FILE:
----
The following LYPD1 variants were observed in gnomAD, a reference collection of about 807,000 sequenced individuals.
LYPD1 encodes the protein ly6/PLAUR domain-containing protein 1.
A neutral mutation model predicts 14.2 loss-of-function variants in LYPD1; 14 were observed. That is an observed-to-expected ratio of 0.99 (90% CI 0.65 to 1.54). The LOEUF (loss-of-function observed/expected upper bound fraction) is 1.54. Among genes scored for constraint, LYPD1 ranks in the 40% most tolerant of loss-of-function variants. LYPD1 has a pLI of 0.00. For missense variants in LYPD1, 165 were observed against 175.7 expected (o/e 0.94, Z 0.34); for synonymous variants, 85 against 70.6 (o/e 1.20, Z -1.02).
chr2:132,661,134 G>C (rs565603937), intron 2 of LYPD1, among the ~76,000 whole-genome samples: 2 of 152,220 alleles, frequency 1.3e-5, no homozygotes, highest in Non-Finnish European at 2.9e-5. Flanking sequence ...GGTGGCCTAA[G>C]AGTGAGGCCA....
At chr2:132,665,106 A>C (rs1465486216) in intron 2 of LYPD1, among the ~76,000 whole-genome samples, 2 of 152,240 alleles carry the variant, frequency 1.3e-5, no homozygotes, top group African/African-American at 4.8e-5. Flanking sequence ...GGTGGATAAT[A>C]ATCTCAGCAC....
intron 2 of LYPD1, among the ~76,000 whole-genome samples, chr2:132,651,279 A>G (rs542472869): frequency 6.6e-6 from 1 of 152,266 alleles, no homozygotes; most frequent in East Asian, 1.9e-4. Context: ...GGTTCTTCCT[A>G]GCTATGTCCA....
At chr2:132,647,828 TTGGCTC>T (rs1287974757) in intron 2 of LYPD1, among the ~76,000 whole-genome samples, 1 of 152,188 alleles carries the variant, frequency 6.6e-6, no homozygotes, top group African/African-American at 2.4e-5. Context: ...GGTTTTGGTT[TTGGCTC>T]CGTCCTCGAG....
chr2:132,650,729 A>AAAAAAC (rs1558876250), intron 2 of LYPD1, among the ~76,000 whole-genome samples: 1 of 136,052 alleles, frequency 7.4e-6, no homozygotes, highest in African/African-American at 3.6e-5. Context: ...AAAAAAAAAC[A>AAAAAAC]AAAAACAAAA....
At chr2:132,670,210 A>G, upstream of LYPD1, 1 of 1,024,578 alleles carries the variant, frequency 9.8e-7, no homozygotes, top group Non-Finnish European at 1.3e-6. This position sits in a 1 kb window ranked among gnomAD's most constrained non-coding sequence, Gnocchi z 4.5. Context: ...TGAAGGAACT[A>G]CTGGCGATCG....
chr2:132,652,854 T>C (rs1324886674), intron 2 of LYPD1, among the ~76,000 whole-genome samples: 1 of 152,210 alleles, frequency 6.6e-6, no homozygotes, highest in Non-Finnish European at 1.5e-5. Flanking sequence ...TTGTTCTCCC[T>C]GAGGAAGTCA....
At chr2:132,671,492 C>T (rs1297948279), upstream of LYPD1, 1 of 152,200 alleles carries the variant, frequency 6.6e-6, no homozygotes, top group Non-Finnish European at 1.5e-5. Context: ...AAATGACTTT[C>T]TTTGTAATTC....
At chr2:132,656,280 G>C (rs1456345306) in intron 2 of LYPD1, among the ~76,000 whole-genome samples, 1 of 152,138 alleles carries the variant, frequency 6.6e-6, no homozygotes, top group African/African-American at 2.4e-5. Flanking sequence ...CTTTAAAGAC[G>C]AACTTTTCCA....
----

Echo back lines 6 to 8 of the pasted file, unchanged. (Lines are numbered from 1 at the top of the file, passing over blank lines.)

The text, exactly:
intron 2 of LYPD1, among the ~76,000 whole-genome samples, chr2:132,651,279 A>G (rs542472869): frequency 6.6e-6 from 1 of 152,266 alleles, no homozygotes; most frequent in East Asian, 1.9e-4. Context: ...GGTTCTTCCT[A>G]GCTATGTCCA....
At chr2:132,647,828 TTGGCTC>T (rs1287974757) in intron 2 of LYPD1, among the ~76,000 whole-genome samples, 1 of 152,188 alleles carries the variant, frequency 6.6e-6, no homozygotes, top group African/African-American at 2.4e-5. Context: ...GGTTTTGGTT[TTGGCTC>T]CGTCCTCGAG....
chr2:132,650,729 A>AAAAAAC (rs1558876250), intron 2 of LYPD1, among the ~76,000 whole-genome samples: 1 of 136,052 alleles, frequency 7.4e-6, no homozygotes, highest in African/African-American at 3.6e-5. Context: ...AAAAAAAAAC[A>AAAAAAC]AAAAACAAAA....